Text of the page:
There are Special Enrollment Periods (SEP) that do allow you to enroll into a Part D plan throughout the year when you would normally be locked into your plan. You can think of the SEP’s as “life changing events” such as moving out of state or losing your group employer coverage.
For more information on these enrollment periods, read our article on Enrollment Periods .
What Happens If I Don’t Enroll in Part D When I am First Eligible?
Keep in mind, Medicare Part D is voluntary so you do not have to enroll. If you decide not to or forget to enroll in a Part D plan during your Medicare Initial Enrollment Period, you will have to wait for the next Annual Election Period to enroll for the following first of the year. So not only would you have to wait for coverage, you will also be assessed a late enrollment penalty when you do enroll. The only exception to this is if you had other creditable drug coverage, such as group employer coverage or VA benefits. This Late Enrollment Penalty accrues over time, sticks with you for life, and gets added to your monthly premium.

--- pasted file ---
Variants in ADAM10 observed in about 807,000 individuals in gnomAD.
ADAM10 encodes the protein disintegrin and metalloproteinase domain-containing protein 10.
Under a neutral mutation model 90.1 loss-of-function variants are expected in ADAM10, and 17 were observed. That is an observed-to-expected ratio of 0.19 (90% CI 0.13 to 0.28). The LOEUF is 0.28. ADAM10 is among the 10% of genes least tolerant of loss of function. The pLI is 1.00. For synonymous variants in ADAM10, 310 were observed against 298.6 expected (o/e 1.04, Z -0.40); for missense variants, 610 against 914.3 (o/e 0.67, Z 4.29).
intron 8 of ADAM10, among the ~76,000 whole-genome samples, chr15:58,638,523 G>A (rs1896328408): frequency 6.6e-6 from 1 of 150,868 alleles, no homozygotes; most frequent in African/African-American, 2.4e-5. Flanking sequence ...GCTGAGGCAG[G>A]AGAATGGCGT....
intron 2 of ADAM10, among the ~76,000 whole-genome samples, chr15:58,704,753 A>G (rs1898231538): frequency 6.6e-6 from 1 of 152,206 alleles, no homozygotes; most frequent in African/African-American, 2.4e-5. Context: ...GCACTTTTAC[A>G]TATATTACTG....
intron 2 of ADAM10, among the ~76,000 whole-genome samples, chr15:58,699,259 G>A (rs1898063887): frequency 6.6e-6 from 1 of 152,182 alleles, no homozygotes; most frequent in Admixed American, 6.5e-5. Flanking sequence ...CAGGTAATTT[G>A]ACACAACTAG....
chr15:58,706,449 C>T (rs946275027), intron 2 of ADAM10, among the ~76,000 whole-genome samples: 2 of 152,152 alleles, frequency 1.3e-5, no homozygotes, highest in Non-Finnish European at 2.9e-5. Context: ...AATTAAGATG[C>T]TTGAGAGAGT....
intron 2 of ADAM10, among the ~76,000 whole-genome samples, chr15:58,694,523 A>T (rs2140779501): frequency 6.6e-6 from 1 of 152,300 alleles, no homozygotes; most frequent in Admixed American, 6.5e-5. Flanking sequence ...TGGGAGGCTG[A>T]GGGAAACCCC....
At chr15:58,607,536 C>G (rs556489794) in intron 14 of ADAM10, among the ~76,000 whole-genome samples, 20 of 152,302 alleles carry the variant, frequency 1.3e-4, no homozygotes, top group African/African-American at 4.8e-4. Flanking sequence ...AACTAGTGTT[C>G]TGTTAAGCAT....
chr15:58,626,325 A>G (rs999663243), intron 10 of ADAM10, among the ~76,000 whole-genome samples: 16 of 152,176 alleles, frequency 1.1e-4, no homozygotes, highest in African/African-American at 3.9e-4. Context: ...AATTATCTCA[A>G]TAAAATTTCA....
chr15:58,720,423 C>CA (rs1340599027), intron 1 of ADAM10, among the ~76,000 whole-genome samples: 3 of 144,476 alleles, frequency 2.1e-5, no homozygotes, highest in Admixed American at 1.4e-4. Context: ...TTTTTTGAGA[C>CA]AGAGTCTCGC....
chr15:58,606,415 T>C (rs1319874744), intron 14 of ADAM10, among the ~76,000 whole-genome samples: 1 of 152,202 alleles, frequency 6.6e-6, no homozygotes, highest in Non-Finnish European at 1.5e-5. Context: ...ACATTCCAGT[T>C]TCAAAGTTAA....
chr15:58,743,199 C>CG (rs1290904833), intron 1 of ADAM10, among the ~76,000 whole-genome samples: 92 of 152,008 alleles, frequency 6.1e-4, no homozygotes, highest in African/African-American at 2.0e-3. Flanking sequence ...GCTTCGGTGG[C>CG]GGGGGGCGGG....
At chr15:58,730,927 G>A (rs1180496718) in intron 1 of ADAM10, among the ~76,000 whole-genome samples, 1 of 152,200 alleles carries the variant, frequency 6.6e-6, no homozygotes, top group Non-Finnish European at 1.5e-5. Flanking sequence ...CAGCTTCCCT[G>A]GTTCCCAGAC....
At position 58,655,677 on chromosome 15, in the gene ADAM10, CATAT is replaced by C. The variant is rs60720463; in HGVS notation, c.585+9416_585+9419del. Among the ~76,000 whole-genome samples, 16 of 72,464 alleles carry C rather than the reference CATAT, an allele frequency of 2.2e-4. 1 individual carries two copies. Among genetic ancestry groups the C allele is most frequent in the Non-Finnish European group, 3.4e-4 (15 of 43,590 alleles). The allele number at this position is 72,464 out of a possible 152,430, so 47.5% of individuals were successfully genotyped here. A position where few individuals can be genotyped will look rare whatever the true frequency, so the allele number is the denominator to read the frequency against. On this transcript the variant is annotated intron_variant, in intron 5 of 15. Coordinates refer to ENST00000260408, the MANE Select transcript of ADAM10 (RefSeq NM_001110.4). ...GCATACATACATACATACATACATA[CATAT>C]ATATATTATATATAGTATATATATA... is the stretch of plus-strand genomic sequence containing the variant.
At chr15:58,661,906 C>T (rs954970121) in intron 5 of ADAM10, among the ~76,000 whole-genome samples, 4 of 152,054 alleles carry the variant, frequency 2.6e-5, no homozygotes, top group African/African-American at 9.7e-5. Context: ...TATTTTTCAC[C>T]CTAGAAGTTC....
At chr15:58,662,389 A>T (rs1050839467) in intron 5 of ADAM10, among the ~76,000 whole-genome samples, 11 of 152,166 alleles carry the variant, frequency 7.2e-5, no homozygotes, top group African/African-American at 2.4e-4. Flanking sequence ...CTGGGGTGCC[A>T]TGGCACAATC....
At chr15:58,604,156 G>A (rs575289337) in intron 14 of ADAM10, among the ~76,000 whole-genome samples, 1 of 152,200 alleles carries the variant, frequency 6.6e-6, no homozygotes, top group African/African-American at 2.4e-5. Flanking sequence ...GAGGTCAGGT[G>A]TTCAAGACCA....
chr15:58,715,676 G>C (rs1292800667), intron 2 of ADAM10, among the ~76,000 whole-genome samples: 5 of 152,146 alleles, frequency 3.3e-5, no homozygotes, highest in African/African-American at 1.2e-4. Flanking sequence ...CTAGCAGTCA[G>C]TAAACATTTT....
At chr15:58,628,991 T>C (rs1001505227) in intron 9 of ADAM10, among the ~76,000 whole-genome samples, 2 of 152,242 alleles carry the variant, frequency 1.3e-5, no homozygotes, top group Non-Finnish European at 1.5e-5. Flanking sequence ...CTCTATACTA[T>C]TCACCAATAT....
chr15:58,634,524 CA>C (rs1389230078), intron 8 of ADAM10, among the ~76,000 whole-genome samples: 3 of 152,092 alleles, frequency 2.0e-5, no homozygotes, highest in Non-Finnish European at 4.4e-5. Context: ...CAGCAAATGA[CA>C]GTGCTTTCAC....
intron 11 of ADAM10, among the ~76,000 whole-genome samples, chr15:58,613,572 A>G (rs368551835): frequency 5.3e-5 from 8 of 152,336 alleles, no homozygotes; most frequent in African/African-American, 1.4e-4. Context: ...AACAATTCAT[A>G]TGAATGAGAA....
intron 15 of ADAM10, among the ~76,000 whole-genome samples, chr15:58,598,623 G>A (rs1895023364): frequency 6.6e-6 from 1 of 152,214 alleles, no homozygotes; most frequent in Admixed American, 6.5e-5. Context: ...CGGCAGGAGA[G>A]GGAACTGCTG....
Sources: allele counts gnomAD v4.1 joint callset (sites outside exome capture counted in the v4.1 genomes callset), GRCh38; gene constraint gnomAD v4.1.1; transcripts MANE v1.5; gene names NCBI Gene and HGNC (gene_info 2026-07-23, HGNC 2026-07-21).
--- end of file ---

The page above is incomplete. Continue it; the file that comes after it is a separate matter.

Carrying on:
The Medicare Part D Late Enrollment Penalty
Medicare calculates the penalty by multiplying 1% of the "national base beneficiary premium" ($32.74 in 2020) times the number of full, uncovered months you didn't have Part D or creditable coverage. The monthly premium is rounded to the nearest $.10 and added to your monthly Part D premium.
The national base beneficiary premium may change each year, so your penalty amount may also change each year.
Seriously consider these consequences before you decide on whether or not to take part D. You risk no coverage and a lifelong penalty for not taking Part D.
Get Someone on Your Side with Part D
We provide FREE assistance to our new Medicare clients by analyzing their Medicare Part D drug plan needs and budget. This assistance is limited to our Medigap policyholders ONLY. No need to worry if you already have a Medigap plan. Many people we speak to are overpaying for their Medigap plans so we can help you shop for a better rate.